Paul B. Henze is a former CIA station chief in Turkey who became a National Security advisor to President Carter. After his retirement he became a terrorism expert and was one of a group of right-wing experts associated with the Center for Strategic and International Studies during the 1980s. 
- 1950 -- 1952: US Department of Defense, Foreign Affairs Advisor
- 1952 -- 1958: Radio Free Europe in Germany
- 1969: CIA Chief of Station Ethiopia
- 1974 - 1977: CIA Chief of Station Turkey
- 1977 - 1980:CIA representative to the NSC office in the White House 
Demonising the Soviet Bloc
According to Edward S. Herman and Frank Brodhead, Henze was one of the peddlers of a conspiracy theory attributing the attempted assassination of John Paul II to the Bulgarian secret service. along with the journalist Claire Sterling and the neoconservative Michael Ledeen. Herman and Brodhead write that: 'The most important investigative work -- or, we should say, creative writing -- in establishing the hypothesis of the Bulgarian Connection was done by Claire Sterling, Paul Henze, and Michael Ledeen.'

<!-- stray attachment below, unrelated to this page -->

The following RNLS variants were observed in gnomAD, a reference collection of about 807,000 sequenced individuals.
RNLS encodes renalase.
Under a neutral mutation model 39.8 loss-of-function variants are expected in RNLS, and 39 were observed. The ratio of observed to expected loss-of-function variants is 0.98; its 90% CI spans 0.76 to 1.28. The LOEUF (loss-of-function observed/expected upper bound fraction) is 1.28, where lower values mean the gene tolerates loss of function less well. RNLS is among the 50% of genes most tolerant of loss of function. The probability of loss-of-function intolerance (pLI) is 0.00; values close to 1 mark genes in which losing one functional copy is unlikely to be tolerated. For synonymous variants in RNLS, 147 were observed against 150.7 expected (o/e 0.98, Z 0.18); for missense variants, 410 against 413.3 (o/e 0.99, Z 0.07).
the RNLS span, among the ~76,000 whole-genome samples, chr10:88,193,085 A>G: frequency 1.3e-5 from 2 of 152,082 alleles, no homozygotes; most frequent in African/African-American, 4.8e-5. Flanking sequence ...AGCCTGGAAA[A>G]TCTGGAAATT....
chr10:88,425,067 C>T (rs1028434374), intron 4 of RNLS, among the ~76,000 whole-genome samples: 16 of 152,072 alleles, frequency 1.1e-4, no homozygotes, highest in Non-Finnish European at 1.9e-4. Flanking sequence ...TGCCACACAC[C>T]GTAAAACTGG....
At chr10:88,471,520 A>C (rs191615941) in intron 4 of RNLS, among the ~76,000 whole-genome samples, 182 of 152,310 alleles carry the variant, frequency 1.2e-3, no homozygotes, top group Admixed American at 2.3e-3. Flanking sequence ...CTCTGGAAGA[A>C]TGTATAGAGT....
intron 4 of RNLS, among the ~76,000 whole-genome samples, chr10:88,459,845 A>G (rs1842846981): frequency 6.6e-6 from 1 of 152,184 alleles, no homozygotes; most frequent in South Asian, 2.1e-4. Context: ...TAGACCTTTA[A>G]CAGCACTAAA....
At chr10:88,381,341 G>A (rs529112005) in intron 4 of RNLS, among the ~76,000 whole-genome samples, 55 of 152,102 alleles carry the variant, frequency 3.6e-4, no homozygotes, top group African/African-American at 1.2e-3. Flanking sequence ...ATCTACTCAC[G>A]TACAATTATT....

- Center for Strategic and International Studies
- Central Intelligence Agency
- Radio Free Europe
- Rand Corporation
Contact, References and Resources
- List of RAND Corporation publications (Accessed: 16 January 2007)
- Online Archives of California Paul Henze Papers, Hoover Institution.
- Paul B. Henze, International Terrorism and the Drug Connection, Ankara - University Press, 1984.
- Paul B. Henze, The Plot to Kill the Pope, Simon & Schuster, ISBN: 0684183579, 1985.
- see Center for Strategic and International Studies, extract from The "Terrorism" Industry
- Edward S. Herman and Frank Brodhead, The Rise and Fall of the Bulgarian Connection, Sheridan Square Publications, May 1986, p. 146.
- Edward S. Herman and Frank Brodhead, The Rise and Fall of the Bulgarian Connection, Sheridan Square Publications, May 1986.